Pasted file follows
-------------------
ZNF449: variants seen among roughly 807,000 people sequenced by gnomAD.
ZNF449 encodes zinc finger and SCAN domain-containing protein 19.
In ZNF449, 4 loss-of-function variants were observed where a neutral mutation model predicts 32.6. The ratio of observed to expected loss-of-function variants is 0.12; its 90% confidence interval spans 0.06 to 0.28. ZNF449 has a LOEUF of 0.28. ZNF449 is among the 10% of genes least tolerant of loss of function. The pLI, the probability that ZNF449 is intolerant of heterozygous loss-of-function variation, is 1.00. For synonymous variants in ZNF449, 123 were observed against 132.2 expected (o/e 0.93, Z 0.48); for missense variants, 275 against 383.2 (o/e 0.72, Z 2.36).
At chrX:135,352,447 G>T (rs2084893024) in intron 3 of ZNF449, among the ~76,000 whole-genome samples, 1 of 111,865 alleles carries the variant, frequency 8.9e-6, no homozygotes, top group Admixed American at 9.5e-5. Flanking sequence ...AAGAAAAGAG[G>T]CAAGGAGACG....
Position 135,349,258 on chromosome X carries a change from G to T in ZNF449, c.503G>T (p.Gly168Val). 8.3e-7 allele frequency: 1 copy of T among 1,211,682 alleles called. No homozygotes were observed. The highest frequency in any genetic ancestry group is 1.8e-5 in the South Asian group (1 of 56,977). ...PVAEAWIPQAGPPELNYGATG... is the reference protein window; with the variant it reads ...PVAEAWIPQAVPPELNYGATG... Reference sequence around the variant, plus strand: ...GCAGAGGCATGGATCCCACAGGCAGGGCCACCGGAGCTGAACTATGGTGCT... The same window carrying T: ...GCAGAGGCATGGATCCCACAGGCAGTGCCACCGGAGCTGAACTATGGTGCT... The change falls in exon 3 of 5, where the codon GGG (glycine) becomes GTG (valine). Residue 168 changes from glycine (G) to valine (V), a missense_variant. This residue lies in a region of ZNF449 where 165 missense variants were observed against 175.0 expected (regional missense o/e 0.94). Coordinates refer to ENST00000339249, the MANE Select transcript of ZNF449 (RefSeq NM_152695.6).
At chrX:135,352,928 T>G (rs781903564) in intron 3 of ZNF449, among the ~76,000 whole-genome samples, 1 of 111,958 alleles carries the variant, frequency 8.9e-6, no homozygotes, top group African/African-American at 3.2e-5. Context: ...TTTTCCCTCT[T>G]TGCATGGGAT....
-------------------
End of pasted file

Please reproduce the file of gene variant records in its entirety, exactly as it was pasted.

ZNF449: variants seen among roughly 807,000 people sequenced by gnomAD.
ZNF449 encodes zinc finger and SCAN domain-containing protein 19.
In ZNF449, 4 loss-of-function variants were observed where a neutral mutation model predicts 32.6. The ratio of observed to expected loss-of-function variants is 0.12; its 90% confidence interval spans 0.06 to 0.28. ZNF449 has a LOEUF of 0.28. ZNF449 is among the 10% of genes least tolerant of loss of function. The pLI, the probability that ZNF449 is intolerant of heterozygous loss-of-function variation, is 1.00. For synonymous variants in ZNF449, 123 were observed against 132.2 expected (o/e 0.93, Z 0.48); for missense variants, 275 against 383.2 (o/e 0.72, Z 2.36).
At chrX:135,352,447 G>T (rs2084893024) in intron 3 of ZNF449, among the ~76,000 whole-genome samples, 1 of 111,865 alleles carries the variant, frequency 8.9e-6, no homozygotes, top group Admixed American at 9.5e-5. Flanking sequence ...AAGAAAAGAG[G>T]CAAGGAGACG....
Position 135,349,258 on chromosome X carries a change from G to T in ZNF449, c.503G>T (p.Gly168Val). 8.3e-7 allele frequency: 1 copy of T among 1,211,682 alleles called. No homozygotes were observed. The highest frequency in any genetic ancestry group is 1.8e-5 in the South Asian group (1 of 56,977). ...PVAEAWIPQAGPPELNYGATG... is the reference protein window; with the variant it reads ...PVAEAWIPQAVPPELNYGATG... Reference sequence around the variant, plus strand: ...GCAGAGGCATGGATCCCACAGGCAGGGCCACCGGAGCTGAACTATGGTGCT... The same window carrying T: ...GCAGAGGCATGGATCCCACAGGCAGTGCCACCGGAGCTGAACTATGGTGCT... The change falls in exon 3 of 5, where the codon GGG (glycine) becomes GTG (valine). Residue 168 changes from glycine (G) to valine (V), a missense_variant. This residue lies in a region of ZNF449 where 165 missense variants were observed against 175.0 expected (regional missense o/e 0.94). Coordinates refer to ENST00000339249, the MANE Select transcript of ZNF449 (RefSeq NM_152695.6).
At chrX:135,352,928 T>G (rs781903564) in intron 3 of ZNF449, among the ~76,000 whole-genome samples, 1 of 111,958 alleles carries the variant, frequency 8.9e-6, no homozygotes, top group African/African-American at 3.2e-5. Context: ...TTTTCCCTCT[T>G]TGCATGGGAT....